Administration’s Reasons To Leave Gas Taxes Alone

By Dave Donaldson

The Parnell administration today gave its side of legislation that would separate oil and gas taxes. 

The world could change dramatically,  and you do not want to set your policy based on one expected outcome.

That’s Revenue Commissioner Pat Galvi, who shared the administration’s view of the future of the state’s oil and gas tax structure – and gave the Senate Finance Committee details of the effects of separating oil and gas taxes in a volatile industry in an uncertain world.

The facts that we believe today do not pan out, oftentimes, tomorrow.  And what we believe today are the dynamics between supply and demand are not the same ones that are going to drive our expectations one or two years from now.

Legislative references to the need to separate oil and gas taxes have been based on the presumption that current economic conditions will not change until a gas line from the North Slope to North American markets goes into operation.

That’s what most petroleum economists predict – and the calculations show when oil costs  $120 dollars a barrel,   and gas costs $8 for the equivalent amount of energy,  the state would lose $2-Billion a year in revenue under the current tax structure.

However, Galvin looks at a different scenario.   He says it’s very possible that gas prices could rise to $15.  His calculations show that if the legislature changes its  tax structure,  the state would then lose $1.6-Billion a year.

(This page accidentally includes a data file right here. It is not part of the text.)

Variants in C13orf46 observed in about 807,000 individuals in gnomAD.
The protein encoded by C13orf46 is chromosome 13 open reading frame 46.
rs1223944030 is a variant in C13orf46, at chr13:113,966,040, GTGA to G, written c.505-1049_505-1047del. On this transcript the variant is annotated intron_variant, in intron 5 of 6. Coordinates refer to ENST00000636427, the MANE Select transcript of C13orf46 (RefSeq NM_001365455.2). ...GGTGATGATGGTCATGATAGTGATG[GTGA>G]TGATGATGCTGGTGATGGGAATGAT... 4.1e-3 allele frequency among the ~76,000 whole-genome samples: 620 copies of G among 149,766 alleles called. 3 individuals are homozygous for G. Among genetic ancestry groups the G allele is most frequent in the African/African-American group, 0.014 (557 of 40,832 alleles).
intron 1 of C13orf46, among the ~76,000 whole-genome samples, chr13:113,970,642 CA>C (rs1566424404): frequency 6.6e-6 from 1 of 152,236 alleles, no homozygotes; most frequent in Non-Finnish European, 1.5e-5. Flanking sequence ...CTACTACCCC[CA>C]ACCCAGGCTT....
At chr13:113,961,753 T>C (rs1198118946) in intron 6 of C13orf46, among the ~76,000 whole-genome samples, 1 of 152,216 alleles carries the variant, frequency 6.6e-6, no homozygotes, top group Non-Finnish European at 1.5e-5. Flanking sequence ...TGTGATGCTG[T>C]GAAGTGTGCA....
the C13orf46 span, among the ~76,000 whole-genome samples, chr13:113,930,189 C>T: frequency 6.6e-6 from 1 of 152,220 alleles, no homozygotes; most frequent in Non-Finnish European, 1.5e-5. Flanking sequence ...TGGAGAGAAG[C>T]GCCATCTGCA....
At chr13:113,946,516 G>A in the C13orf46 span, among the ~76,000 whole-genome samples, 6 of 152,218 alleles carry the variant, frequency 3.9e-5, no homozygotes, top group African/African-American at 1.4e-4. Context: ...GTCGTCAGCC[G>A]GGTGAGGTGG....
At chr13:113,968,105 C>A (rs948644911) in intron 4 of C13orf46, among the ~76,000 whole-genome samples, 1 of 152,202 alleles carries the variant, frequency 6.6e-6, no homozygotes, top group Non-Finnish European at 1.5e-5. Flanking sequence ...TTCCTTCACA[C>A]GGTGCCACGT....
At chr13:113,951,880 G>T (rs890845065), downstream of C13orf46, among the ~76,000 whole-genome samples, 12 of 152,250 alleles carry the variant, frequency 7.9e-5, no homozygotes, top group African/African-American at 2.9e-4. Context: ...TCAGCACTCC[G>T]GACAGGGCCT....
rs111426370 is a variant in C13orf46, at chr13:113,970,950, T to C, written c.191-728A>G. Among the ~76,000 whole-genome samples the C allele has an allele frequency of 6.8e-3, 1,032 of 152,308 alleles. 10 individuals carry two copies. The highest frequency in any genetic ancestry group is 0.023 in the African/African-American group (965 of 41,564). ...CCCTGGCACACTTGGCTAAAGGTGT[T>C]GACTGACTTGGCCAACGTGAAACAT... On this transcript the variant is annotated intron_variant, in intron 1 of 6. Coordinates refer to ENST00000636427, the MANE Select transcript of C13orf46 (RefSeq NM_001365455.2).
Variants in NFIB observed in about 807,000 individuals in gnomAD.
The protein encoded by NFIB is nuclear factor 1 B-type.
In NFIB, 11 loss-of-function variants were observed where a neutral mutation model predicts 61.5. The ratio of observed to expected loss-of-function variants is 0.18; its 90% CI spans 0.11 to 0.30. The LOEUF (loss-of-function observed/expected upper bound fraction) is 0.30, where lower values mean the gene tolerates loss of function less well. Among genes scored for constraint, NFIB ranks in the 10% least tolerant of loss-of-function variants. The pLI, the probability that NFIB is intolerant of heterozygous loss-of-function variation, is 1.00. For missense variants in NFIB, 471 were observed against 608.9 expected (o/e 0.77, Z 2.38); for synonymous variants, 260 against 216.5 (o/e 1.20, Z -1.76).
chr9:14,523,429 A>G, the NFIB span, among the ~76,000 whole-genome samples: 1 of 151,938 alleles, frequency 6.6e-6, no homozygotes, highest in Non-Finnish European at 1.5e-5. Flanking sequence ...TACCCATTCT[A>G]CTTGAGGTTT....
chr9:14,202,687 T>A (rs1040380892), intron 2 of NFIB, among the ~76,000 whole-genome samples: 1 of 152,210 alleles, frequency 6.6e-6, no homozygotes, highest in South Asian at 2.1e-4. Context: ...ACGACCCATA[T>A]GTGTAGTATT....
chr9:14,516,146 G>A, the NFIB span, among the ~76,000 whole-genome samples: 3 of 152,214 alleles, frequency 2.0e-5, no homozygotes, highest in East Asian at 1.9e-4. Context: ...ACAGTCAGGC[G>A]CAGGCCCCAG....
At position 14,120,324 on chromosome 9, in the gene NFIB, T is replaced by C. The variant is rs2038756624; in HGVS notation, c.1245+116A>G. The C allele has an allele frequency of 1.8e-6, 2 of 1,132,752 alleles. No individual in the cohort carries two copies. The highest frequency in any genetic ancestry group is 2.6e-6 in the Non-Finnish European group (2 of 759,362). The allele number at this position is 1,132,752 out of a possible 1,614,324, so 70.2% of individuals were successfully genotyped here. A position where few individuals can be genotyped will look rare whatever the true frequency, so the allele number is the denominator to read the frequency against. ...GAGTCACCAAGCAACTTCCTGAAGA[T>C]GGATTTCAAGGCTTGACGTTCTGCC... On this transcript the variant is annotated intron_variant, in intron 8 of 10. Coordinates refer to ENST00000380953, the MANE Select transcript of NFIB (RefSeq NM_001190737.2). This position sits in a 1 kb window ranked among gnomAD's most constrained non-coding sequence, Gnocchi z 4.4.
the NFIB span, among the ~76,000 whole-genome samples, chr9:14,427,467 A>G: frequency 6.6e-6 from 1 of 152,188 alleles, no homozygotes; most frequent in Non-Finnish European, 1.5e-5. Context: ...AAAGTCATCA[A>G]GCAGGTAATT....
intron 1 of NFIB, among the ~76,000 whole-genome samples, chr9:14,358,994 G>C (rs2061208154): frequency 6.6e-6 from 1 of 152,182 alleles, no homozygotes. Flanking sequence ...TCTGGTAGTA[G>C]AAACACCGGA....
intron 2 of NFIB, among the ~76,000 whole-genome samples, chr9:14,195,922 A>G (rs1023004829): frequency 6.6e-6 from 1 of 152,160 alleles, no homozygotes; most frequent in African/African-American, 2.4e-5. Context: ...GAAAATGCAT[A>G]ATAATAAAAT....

And Galvin pointed to many conditions that could change market supply or demand in the next fifteen years – such as environmental regulation of Shale Gas – or recent interest in using compressed natural gas for truck fuel.  His calculations show the state gets more revenue under current conditions by changing the tax – decoupling oil from gas.  But they also show the state gets more under very possible conditions when gas actually will begin to flow toward Canada in 2020 – without decoupling oil and gas.   He puts the question back on legislators.

So where will it be in 2020 to 2045?   I’m not going to be the one to try to speculate at this point.

Economist Roger Marks, under contract to the legislature, agreed with much of what Galvin had to say,  and he doesn’t make any prediction on future oil and gas prices.   He left one caution to lawmakers.

Oil and Gas are very different resources, and they have the potential to be valued much differently.  And we laid out the consequences of what coupling the taxes for two resources that have the potential of being taxes much differently can be.

The Finance Committee is still working on the bill – and more changes have been promised for consideration next week.   It still has to go through the House and needs to be on the governor’s desk by April Sixth to cover tax exemptions the state has promised for the next step in the gas line development process.


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